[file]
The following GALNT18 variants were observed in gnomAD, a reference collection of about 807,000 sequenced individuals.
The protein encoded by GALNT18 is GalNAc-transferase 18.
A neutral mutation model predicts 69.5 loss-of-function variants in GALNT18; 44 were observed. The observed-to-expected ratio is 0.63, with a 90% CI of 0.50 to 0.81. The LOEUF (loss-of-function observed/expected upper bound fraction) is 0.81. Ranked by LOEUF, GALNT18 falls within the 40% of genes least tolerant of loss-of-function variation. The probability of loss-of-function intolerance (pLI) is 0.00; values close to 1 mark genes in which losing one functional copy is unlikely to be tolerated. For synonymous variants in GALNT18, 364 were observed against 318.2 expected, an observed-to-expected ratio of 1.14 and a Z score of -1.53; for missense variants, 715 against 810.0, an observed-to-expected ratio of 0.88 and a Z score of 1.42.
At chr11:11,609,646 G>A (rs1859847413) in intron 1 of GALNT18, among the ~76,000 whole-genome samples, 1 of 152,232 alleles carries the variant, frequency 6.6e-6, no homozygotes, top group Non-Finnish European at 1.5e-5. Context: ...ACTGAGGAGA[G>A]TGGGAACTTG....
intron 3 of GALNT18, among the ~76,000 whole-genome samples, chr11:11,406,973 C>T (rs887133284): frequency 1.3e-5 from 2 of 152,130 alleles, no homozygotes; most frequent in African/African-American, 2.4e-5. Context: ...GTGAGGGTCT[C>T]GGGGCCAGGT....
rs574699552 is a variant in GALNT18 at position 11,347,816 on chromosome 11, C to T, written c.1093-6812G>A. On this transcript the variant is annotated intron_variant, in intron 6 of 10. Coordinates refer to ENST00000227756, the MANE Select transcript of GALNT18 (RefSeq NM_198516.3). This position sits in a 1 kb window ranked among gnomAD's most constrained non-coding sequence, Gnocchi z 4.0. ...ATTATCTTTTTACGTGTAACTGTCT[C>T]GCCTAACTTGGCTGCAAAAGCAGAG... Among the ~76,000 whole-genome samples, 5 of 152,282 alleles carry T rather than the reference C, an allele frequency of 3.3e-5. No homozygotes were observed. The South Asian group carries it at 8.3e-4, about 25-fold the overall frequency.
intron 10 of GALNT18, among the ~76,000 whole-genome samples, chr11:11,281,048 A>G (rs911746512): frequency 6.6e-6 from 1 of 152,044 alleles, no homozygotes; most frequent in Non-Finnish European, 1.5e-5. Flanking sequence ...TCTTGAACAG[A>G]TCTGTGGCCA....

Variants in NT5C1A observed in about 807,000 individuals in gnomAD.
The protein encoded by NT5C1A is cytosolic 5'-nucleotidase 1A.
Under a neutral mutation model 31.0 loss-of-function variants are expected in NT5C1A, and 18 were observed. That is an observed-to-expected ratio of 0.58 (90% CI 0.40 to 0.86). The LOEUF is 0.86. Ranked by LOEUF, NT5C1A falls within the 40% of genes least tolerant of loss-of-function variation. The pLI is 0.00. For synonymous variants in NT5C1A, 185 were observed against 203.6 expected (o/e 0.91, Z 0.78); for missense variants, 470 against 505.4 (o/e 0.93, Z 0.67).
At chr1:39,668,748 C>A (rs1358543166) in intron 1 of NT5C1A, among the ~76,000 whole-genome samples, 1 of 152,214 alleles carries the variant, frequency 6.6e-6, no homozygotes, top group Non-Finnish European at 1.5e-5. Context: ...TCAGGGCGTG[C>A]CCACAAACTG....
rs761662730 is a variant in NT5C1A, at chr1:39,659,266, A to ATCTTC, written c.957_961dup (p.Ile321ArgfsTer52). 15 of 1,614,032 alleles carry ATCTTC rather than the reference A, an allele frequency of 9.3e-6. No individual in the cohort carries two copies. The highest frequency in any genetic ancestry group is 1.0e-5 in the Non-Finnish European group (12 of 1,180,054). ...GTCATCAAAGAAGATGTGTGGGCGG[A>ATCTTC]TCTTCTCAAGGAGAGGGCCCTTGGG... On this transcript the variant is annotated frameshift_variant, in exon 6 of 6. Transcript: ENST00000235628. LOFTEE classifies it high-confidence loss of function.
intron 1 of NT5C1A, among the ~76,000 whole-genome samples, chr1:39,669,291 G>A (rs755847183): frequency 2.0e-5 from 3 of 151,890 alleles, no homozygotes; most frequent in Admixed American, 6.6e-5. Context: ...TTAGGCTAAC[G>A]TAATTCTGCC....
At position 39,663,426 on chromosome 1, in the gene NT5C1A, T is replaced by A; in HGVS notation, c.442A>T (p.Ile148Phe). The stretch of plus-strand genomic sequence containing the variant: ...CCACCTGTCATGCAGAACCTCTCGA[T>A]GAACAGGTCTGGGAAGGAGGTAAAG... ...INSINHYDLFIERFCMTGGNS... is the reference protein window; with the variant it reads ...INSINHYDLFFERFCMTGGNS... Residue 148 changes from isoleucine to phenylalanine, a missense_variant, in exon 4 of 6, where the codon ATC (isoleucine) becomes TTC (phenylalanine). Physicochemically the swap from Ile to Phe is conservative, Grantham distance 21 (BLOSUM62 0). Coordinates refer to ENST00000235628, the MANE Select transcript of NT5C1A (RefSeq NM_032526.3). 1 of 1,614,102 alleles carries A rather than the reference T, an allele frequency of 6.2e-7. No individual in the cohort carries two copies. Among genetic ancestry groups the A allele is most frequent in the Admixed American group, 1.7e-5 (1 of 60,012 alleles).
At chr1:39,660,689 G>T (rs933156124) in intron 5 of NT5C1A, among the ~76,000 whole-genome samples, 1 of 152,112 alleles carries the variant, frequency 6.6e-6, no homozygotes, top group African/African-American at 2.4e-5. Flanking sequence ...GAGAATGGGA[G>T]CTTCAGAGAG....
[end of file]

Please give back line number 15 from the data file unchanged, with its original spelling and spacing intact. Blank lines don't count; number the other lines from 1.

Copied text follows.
At chr1:39,660,689 G>T (rs933156124) in intron 5 of NT5C1A, among the ~76,000 whole-genome samples, 1 of 152,112 alleles carries the variant, frequency 6.6e-6, no homozygotes, top group African/African-American at 2.4e-5. Flanking sequence ...GAGAATGGGA[G>T]CTTCAGAGAG....